Hostility to public sector workers, including teachers, is at an all-time high amid a recession and a new national mania for curbing the tide of fiscal red ink.
Consider all of the problems taking a back seat to the deficit in Washington and the media. You haven't heard much lately on how Wall Street shenanigans tanked the economy in the first place....
The fiscal crisis in Wisconsin, as in other states, was largely caused by the increasing power of America’s oligarchy. After all, it was superwealthy players, not the general public, who pushed for financial deregulation and thereby set the stage for the economic crisis of 2008-9, a crisis whose aftermath is the main reason for the current budget crunch. And now the political right is trying to exploit that very crisis, using it to remove one of the few remaining checks on oligarchic influence.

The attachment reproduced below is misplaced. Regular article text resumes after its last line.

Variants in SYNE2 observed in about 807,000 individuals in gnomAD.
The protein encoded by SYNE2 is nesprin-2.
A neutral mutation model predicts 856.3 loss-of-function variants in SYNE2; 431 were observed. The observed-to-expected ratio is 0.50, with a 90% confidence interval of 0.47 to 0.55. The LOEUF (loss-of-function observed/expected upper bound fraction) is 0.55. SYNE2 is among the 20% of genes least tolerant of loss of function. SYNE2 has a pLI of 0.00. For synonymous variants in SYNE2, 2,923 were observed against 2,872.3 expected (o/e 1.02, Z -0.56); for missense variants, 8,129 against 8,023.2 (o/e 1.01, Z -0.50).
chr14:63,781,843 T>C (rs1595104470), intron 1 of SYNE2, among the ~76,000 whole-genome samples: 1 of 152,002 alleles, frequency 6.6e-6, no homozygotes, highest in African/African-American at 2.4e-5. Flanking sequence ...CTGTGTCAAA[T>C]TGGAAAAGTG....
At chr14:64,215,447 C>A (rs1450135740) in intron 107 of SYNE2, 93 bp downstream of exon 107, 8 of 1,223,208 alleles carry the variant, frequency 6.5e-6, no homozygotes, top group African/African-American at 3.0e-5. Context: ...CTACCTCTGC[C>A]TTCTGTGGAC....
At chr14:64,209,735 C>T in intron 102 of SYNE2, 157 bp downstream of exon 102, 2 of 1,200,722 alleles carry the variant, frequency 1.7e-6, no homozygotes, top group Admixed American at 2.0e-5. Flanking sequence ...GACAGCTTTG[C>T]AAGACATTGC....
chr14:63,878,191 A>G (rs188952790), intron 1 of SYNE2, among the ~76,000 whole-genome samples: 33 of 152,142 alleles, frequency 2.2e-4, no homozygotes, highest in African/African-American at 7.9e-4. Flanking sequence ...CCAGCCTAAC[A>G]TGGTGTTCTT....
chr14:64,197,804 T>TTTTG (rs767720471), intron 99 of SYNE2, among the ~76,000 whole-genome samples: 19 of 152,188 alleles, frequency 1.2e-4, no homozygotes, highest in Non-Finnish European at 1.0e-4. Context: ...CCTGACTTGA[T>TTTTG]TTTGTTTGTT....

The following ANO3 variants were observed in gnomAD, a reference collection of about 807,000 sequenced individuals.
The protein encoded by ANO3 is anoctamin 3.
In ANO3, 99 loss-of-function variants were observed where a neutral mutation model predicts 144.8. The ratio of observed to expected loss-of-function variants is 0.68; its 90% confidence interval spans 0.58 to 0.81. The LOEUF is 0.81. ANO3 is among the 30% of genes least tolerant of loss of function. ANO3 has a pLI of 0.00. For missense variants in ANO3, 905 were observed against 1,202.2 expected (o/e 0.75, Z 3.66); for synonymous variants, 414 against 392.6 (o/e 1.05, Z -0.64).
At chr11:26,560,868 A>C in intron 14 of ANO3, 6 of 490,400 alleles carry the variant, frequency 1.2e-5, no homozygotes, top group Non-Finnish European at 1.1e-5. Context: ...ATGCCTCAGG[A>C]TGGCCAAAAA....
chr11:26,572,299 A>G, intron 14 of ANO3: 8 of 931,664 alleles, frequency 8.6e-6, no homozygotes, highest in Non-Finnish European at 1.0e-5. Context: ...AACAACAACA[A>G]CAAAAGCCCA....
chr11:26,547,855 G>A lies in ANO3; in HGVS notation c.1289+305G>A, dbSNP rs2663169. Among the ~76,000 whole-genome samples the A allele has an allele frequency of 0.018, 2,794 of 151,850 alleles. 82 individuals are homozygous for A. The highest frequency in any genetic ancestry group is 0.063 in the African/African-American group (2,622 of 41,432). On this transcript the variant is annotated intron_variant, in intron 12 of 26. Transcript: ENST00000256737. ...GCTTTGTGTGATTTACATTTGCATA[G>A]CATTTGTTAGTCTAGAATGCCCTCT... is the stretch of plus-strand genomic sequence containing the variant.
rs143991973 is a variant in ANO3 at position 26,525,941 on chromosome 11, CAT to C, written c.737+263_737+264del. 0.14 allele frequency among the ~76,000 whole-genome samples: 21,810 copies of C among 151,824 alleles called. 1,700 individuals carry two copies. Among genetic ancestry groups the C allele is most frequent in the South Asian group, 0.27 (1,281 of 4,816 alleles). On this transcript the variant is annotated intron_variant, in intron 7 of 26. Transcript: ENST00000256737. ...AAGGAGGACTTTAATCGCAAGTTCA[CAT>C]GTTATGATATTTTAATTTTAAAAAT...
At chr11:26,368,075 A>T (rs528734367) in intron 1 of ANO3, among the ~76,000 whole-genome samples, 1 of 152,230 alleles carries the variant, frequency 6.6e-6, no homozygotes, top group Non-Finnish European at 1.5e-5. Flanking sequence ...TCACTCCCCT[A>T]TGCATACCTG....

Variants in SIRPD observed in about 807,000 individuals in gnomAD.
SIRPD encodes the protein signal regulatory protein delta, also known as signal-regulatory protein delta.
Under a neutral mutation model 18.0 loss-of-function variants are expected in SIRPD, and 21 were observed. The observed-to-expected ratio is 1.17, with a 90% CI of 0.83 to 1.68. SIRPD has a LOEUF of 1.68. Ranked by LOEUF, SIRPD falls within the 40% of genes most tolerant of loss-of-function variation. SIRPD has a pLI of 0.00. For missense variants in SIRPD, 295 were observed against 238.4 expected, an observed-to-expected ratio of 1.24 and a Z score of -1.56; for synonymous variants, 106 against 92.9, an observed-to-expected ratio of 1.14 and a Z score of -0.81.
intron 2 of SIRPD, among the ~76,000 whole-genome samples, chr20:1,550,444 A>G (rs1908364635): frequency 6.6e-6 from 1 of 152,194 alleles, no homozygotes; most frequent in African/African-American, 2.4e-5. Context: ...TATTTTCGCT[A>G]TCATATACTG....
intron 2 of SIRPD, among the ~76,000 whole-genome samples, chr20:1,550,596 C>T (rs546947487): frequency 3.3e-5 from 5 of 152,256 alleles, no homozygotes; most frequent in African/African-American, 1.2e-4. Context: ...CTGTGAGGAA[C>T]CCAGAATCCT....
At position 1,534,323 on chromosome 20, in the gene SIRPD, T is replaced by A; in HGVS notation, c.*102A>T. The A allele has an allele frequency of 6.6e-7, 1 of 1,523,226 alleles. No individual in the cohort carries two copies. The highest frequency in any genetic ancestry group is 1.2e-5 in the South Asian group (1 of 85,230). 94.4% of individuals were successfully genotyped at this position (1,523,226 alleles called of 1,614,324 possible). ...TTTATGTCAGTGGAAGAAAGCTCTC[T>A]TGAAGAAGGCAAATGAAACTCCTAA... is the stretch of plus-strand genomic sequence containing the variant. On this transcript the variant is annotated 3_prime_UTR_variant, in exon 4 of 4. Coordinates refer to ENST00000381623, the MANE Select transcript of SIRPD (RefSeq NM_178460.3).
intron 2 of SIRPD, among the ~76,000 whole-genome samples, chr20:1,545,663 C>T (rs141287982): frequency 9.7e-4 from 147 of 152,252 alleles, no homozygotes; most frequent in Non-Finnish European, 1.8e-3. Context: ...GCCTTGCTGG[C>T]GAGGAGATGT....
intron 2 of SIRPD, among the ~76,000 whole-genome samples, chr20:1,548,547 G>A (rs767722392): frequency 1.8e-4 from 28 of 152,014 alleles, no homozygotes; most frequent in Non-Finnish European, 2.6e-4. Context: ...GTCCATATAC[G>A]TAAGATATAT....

Observes Dionne further, "Thanks to the Tea Party, we are now told that all our problems will be solved by cutting government programs" -- with a little union-busting to boot.
Concludes Krugman, "There’s a bitter irony here."
Personally I experience more the bitterness than savor the irony.
In today's earlier post I acknowledged Lindsey Graham's partly legitimate debating point about the consequences of elections: Wisconsites democratically installed a 19th-century union-buster with a disgraceful penchant for fabricated crises and disingenuous arguments. Now they "get it." Yet any moderately informed electorate would have recognized the serpent before giving it the chance to strike. They just couldn't be bothered with educating themselves.
Thus we stumble from crisis to crisis or fabricated crisis to fabricated crisis, 9/10s of which are the product not of democracy denied -- as we're witnessing in the Middle East -- but of democracy unbounded.
The concept of the "virtuous people" is as preposterous as that of the "benign dictator."